Thursday, February 11, 2010

DOJ Tax Budget Request - The Criminal Parts #6 - Prosecuting Abusive Promotions

More on the DOJ Budget Request


Prosecuting Abusive Promotions

The Division is actively engaged in prosecuting the promotion or use of fraudulent tax shelters and other schemes to evade taxes and hide assets. The number of taxpayers who use these bogus schemes to improperly reduce, or totally evade, their federal income tax liabilities has increased [*17] significantly in recent years. Some schemes involve the use of domestic or foreign trusts to evade taxes. Promoters of these schemes often use the internet to aggressively market these trusts to the public, and rely upon strained, if not demonstrably false, interpretations of the tax laws. Employing what they often call “asset protection trusts” (ostensibly designed to guard an individual’s assets from legitimate creditors, including the IRS), these promoters are in fact assisting taxpayers to fraudulently assign income and conceal ownership of income-producing assets in order to evade paying their taxes.

In October 2009, in United States v. Roderick Prescott (D. Ore.) Roderick Prescott, a former principal of National Trust Services (NTS) was sentenced to 30 months in prison for pleaded tax evasion. Prescott and his former business partner Leroy Fritts earned significant income from the nationwide promotion and sale of abusive trusts through NTS. Prescott and Fritts deposited approximately $3.5 million into various bank accounts through the sale of such trusts. They also earned income from recruiting clients of NTS to invest in Fountainhead Global Trust (FGT), a purported offshore investment that promised returns as high as 50 percent per year. FGT was a Ponzi scheme which collected approximately $20 million in investors’ funds from 1995 through 1999. FGT transferred some of the money to an offshore account in the Cayman Islands at the Bank of Bermuda, ostensibly to be invested in high-interest debt through a Florida entity called “Cash 4 Titles.” Prescott and Fritts then funneled part of the money in the account back to themselves. Prescott and Fritts used an array of purported trusts and related bank accounts, including numerous offshore bank accounts at the Bank of Bermuda in the Cayman Islands, to conceal their income from the IRS. Prescott and Fritts also used false or fictitious taxpayer identification numbers and offshore credit cards in fake names issued to them by the Bank of Bermuda in the Cayman Islands.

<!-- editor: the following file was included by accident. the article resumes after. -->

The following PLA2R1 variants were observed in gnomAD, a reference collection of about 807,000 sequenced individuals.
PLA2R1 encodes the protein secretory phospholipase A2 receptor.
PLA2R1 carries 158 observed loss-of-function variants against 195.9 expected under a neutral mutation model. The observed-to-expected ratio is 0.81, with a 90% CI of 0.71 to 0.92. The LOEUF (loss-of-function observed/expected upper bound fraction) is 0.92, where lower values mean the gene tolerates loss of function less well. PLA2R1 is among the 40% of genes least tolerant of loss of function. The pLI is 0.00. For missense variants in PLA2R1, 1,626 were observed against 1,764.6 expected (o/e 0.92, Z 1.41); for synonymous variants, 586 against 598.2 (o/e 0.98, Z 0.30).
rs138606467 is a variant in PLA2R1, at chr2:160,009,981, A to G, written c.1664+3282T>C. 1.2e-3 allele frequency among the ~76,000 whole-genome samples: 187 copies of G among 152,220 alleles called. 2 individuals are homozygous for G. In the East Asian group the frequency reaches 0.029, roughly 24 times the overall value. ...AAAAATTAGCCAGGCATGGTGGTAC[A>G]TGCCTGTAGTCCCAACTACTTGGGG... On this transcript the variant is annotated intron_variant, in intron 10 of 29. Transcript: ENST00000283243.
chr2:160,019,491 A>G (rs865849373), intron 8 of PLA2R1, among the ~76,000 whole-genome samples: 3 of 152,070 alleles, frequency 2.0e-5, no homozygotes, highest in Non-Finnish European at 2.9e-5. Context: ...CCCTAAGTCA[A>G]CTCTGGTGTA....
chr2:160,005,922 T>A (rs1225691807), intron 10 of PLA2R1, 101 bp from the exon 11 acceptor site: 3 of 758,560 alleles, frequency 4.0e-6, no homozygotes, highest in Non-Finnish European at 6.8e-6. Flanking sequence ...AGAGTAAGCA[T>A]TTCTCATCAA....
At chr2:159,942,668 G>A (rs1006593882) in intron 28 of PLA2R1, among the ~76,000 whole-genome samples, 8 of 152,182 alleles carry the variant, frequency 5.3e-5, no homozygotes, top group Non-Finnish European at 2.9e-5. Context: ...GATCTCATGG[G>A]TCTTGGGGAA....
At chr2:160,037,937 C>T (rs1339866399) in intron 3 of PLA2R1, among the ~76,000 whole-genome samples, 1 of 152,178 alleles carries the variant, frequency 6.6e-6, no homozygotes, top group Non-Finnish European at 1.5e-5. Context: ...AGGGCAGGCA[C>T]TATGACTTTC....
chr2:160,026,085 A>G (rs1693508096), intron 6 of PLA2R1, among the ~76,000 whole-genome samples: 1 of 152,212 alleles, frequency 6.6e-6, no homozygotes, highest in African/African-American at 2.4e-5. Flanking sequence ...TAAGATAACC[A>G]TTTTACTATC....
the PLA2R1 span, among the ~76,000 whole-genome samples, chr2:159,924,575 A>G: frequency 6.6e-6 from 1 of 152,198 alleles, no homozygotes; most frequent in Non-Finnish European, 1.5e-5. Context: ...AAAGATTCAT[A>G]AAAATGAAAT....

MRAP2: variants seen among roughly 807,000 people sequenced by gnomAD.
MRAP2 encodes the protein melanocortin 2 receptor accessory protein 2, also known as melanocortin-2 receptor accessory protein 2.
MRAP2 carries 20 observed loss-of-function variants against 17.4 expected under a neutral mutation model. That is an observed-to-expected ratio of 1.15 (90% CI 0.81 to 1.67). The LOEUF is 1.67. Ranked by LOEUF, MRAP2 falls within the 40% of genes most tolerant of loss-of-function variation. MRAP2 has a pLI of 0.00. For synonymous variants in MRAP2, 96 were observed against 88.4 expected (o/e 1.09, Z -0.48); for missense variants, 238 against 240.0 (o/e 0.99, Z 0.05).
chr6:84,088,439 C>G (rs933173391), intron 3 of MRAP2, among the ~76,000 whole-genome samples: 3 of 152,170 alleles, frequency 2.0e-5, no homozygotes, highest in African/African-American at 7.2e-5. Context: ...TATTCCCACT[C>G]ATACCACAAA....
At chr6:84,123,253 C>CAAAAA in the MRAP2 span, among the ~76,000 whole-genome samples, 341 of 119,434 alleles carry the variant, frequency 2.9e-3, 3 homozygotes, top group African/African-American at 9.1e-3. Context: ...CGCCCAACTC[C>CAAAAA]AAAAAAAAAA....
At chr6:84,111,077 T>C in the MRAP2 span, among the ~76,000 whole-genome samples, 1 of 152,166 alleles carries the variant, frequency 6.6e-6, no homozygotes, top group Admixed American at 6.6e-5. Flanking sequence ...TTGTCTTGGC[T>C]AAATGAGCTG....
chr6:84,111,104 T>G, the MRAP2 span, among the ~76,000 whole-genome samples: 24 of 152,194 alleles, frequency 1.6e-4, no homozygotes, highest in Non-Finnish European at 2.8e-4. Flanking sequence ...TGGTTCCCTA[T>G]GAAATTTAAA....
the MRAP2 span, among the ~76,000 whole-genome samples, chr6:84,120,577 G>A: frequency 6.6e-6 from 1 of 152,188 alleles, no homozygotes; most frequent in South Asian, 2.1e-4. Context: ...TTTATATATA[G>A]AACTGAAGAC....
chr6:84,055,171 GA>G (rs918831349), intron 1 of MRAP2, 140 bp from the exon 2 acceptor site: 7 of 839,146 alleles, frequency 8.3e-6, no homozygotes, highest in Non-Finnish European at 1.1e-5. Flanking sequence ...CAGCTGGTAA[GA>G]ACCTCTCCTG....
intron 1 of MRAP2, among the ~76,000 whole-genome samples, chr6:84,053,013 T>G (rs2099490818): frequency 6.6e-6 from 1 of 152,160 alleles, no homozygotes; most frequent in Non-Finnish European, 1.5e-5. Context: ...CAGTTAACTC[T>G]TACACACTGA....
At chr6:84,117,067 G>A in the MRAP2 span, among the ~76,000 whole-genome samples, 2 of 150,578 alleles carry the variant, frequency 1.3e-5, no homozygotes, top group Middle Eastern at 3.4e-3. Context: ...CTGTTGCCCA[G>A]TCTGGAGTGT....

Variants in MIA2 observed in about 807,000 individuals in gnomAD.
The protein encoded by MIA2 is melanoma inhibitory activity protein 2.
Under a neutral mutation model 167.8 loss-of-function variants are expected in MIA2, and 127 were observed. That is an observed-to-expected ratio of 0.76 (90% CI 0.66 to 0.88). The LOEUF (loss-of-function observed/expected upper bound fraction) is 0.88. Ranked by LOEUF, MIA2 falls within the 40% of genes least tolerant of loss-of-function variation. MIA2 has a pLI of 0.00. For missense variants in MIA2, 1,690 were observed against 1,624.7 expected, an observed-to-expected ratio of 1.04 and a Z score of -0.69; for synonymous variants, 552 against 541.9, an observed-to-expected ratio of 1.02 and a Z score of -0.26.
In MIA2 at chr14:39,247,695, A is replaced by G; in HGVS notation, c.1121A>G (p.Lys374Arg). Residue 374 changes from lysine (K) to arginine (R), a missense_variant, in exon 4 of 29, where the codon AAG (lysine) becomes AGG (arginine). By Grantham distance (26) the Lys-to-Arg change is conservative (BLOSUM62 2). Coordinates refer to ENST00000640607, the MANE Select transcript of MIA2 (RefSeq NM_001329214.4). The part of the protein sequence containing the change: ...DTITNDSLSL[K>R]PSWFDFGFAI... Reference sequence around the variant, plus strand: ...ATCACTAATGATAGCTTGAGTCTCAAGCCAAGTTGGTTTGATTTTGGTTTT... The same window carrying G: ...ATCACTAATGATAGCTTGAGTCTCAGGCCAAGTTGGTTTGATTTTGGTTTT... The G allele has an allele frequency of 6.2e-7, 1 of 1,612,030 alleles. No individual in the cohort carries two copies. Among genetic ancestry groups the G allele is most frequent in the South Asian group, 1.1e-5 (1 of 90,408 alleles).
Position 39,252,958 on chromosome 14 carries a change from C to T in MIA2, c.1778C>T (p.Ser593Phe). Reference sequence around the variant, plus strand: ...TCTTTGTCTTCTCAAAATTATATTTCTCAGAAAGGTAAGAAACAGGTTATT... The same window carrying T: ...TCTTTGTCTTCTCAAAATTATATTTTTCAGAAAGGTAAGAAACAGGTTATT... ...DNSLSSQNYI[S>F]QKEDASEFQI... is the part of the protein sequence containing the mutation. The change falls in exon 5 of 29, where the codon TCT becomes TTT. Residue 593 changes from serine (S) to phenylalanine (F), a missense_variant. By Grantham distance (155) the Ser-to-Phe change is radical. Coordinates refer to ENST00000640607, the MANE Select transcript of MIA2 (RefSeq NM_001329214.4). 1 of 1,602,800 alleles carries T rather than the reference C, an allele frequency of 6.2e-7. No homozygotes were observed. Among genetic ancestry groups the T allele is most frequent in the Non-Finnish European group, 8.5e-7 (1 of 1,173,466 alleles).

In May 2008, in United States v. Michael A. Vallone, et al. (N.D. Ill.), a jury convicted six defendants of a $60 million tax fraud conspiracy for participating in a scheme to market and sell to wealthy taxpayers sham domestic and foreign trusts through “The Aegis Company.” The Chicago-based investigation has resulted in nationwide convictions of more than 30 defendants, with charges pending against approximately 30 other defendants around the country. All six defendants were sentenced to at least 10 years in prison. In October 2009, Vallone was sentenced to more than 18 years in prison. In March 2009, co-defendant Edward B. Bartoli was sentenced to 10 years in prison.

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